In the fourth century, Château Pavie's slope was planted. Parcel after parcel – Pigasse, les domaines de la Sable, Pimpinelle, Larcis – the bulk was built and consolidated under the Pavie name. This lies all in one piece on the slope of the hill southeast of the town of Saint-Emilion. The buildings and the vineyard at Pavie are at three levels on the side of the slope.
Since 1998, Chantal and Gérard Perse have owned this estate, which boasts the largest vineyard of all Premier Grand Cru Classés in Saint-Emilion. The old fermentation cellar has given way to twenty temperature-controlled wooden vats, and the quarries have been replaced by a modern aging cellar. View all Chateau Pavie Wines
About St-EmilionView a map of St-Emilion wineries (saint eh-meel-YOHN)
A region named after the charming, quaint historical town in Bordeaux, St-Émilion is situated on the right bank of Bordeaux. It's grapes of choice are Merlot and Cabernet Franc (called Bouchet on the right bank). The region has its own classification system, updated and revised every few years. Two of the hottest chateaux of the area (and the only Premier Grand Cru Classé A) are Chateau Ausone and Chateau Cheval Blanc.
St.-Émilion produces the most wine on the right bank of Bordeaux. As most of its wine is based primarily on Merlot, St-Emilion wines are described as having finesse and elegance. The best wine of the region can last upward of 10-20 years, like a good left-banker, but many find that the wines here matuer earlier than those based on Cabernet Sauvignon. The soils in the area differ greatly, from gravel to limestone to clay and sand. As a result, the wines of this region are diverse. Quality wines display silky tannins and ripe, soft fruit – the higher quality wine showing full-bodied texture and layers of complexity.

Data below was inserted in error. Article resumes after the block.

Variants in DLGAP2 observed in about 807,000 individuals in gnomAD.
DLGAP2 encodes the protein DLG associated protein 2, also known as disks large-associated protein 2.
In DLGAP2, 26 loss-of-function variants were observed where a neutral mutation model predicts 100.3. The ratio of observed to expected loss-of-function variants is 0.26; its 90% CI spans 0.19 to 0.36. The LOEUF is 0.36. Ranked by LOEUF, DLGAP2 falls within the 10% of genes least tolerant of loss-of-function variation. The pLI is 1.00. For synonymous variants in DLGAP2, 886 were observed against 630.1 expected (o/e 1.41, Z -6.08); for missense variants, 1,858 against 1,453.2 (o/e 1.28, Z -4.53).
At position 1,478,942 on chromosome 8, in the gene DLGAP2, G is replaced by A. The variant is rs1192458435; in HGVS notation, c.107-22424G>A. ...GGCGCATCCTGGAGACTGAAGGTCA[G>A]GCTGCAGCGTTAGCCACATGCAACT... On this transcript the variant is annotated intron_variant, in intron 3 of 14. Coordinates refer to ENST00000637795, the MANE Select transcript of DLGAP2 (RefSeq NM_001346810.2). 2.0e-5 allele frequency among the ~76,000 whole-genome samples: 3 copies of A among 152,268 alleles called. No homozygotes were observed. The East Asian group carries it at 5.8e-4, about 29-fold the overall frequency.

About France - Other regionsWhen it comes to wine, France is a classic. Classic blends, grapes and styles began in the country and they still remain. Think about it - people ask for a Burgundian style Pinot Noir, they refer to wines as Bordeaux or Rhone blends - Champagne even had to pass a law to stop international wineries from putting their region on the label of all sparkling wine.
The top regions of France are: Bordeaux, Burgundy, Champagne, Languedoc-Roussillon, Loire, Rhone. And these regions are so diverse! It makes sense that wine regions throughout the world try to emulate their style. Pinot Noir, Chardonnay, Cabernet Sauvignon and Syrah are no longer French varieties, but international varieties. They may not be the leader of cutting edge technology or value-priced wines, but there is no doubt that they are still producing wines of great quality and diversity.
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Alcohol By Volume GuideMost wine ranges from 10-16% alcohol by volume. Some varietals tend to have higher (for example Zinfandel and Cabernet Sauvignon) or lower alcohol levels (Pinot Noir and many white varietals), but there is always some variation from producer to producer. Some wine falls outside of this range, for instance Port weighs in closer to 20%, while Muscat and Riesling are usually a bit below 10%.
Wine Style Guide
Light & Fruity
- Red wines that are more fruit-forward and lighter in tannin and body.
Smooth & Supple
- Medium bodied reds that go down easy, with smooth tannins and supple fruit.
Earthy & Spicy
- Wines where earthy and/or spicy dominate the flavors – typically medium to full body.
Big & Bold
- Full bodied wines that have concentrated fruit and are higher in alcohol and/or tannins. Some need age.